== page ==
I’ve been traveling all over the place these last few months and now that I’m getting settled I thought I’d revisit this lil’ ol’ blog of mine.

A quick update on where I’ve been so far: 


See? Quick. Now to the reason why I’m really here…

I’ve found some new sites floating around the Internet that I think are pretty good intros into world literature (one of my favorite topics of all time). I’m learning more and more about translation work and the world it’s created within the literary universe. It seems literary translation is gaining some well-deserved attention in publishing and book-selling circles. In particular, translators and authors are voicing their opinions about the importance of international publications, as well as the vital need for literary communication between cultures and languages all over.

Here’s a list of some blogs and online magazines dedicated to publishing today and in particular, translation. 

  • What I love about Words without Borders is their dedication to both international writers and translators. Periodically the site is updated with new poetry, essays and literary works from various places on the map, devoting space and time to writers who as of yet have had little to no voice in the American literary scene. Along with updating their site, WWB also publishes print editions that focus on the work of non-English speaking writers. Concerning the translators, the site places just as much attention on their ideas and interpretations as on the writers themselves.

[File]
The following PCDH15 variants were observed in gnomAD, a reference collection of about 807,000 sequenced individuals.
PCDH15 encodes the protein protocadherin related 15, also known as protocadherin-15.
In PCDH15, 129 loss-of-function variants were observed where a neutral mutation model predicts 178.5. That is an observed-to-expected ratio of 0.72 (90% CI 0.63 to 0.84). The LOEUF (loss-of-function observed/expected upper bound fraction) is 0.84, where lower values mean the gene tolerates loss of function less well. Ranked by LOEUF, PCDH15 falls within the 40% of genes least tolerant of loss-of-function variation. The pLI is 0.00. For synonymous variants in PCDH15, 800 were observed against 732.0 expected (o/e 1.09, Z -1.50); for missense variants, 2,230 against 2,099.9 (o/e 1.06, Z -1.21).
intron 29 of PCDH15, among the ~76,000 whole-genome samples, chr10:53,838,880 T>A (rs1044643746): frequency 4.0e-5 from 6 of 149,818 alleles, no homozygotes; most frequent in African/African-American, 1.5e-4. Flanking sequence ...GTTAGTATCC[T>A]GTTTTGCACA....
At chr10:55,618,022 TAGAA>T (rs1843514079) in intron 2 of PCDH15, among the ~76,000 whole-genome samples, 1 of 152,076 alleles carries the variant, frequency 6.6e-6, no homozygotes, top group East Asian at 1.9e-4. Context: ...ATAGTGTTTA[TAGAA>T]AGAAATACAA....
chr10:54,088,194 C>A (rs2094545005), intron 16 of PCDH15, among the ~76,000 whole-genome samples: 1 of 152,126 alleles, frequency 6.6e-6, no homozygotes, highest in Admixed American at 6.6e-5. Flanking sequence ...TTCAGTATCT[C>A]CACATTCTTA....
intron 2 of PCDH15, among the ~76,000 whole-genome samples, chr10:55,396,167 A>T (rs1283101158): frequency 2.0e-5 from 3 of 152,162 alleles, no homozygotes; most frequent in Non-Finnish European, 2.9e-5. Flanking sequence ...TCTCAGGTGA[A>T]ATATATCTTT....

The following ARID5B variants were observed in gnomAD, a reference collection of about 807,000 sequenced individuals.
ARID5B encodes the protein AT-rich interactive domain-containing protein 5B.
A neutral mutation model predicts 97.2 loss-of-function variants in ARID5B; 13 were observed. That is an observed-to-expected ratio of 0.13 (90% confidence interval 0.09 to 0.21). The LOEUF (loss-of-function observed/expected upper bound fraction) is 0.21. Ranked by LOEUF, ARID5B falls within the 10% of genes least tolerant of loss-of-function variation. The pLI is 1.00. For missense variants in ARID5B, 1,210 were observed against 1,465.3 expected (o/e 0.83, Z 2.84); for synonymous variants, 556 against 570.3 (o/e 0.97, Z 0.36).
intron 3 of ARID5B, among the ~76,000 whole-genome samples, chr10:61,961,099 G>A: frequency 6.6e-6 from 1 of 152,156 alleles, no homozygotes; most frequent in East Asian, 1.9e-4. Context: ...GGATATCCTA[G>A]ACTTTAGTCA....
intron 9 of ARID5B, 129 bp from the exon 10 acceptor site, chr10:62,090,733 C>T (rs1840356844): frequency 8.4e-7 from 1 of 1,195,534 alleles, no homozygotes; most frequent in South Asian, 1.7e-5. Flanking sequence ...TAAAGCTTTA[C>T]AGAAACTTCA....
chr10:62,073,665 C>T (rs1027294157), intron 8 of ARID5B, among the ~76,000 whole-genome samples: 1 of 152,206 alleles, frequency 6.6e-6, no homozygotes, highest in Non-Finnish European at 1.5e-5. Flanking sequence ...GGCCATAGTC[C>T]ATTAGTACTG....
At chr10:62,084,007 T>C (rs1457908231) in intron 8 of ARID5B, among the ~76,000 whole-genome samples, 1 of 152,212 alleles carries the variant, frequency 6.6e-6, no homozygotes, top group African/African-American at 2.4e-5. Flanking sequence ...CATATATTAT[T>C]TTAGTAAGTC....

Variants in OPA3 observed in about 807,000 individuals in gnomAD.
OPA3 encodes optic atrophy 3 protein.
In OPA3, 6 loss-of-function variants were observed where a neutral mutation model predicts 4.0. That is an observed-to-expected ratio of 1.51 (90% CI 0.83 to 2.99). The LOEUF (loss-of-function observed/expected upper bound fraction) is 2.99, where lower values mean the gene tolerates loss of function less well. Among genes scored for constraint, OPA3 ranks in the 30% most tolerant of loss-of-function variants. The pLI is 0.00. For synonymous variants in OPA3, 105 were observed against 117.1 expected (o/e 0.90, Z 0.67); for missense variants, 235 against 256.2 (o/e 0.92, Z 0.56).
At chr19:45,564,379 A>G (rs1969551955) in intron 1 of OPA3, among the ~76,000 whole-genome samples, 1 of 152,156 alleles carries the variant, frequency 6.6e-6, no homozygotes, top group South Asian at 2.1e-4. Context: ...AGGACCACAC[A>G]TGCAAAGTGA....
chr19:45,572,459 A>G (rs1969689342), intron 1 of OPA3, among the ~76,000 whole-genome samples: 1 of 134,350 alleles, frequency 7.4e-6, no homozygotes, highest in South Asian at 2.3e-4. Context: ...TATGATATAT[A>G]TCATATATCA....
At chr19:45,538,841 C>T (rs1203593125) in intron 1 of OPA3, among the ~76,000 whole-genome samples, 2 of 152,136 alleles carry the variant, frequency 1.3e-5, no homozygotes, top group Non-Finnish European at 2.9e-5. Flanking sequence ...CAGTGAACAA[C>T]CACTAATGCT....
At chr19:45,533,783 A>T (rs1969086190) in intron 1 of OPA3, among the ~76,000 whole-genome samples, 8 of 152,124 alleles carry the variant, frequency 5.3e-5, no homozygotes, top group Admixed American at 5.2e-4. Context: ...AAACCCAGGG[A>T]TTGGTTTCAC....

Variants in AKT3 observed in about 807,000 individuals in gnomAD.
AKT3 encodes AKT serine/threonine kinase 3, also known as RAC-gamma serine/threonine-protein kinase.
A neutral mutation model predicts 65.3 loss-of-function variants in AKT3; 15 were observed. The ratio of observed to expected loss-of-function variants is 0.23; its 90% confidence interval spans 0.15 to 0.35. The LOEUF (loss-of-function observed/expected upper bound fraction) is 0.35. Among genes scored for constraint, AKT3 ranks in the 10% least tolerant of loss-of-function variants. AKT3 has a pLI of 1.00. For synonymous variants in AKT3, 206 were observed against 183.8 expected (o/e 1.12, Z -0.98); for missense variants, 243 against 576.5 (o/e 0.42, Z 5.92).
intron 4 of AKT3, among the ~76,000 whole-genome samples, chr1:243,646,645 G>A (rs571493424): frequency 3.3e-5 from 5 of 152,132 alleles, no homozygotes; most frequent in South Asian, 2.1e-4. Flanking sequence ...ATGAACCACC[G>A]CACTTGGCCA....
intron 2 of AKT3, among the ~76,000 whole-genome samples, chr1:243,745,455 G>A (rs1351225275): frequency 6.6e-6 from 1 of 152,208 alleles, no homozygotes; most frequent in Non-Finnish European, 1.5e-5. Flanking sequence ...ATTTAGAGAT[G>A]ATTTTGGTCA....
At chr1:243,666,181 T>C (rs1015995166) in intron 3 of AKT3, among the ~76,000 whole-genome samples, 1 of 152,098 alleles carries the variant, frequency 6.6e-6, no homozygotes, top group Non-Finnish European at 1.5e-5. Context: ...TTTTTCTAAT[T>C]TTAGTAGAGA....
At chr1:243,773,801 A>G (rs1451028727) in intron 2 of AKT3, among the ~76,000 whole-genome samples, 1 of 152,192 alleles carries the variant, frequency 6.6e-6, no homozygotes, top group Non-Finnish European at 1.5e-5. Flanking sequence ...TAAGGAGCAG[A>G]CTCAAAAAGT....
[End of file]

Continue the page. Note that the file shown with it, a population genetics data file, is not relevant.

• Publishing Trendsetter interviews young people who have found a place within publishing, as well as authors and other contributors. I particularly like their top 5 lists. It’s a useful site for anyone interested in getting involved in publishing, or wanting to learn more about it.
  • Authors & Translators. This is such a fun website! The founder of the site, Cristina Vezzaro, is a translator herself who works with Italian authors. She created the blog to bring to light the very present relationship between authors and their translators. The site is full of interviews of authors from a multitude of language backgrounds who answer questions about working with translators and the necessity of the profession. Another great blogger listed her as a close friend and wrote a bit about the project here. The blog has grown organically, with translators and authors taking the reins and answering the question proposed by the site.
  • World Literature Today has insightful interviews and clever essays devoted to understanding the cultures and languages that make up world literature. It is a both online and published journal.
  • I like reading Publishing Perspectives; they are pretty devoted to finding the latest trends in publishing. Their articles range from e-publishing, translation, the state of bookstores and publishing companies, etc.
  • The Free Word Centre is located in London and devotes a large part of the site to promoting events across the pond, but it’s still great to find out how other non-American literary groups approach the various new difficulties in author and literacy promotion.

Check some of these out and let me know what you think!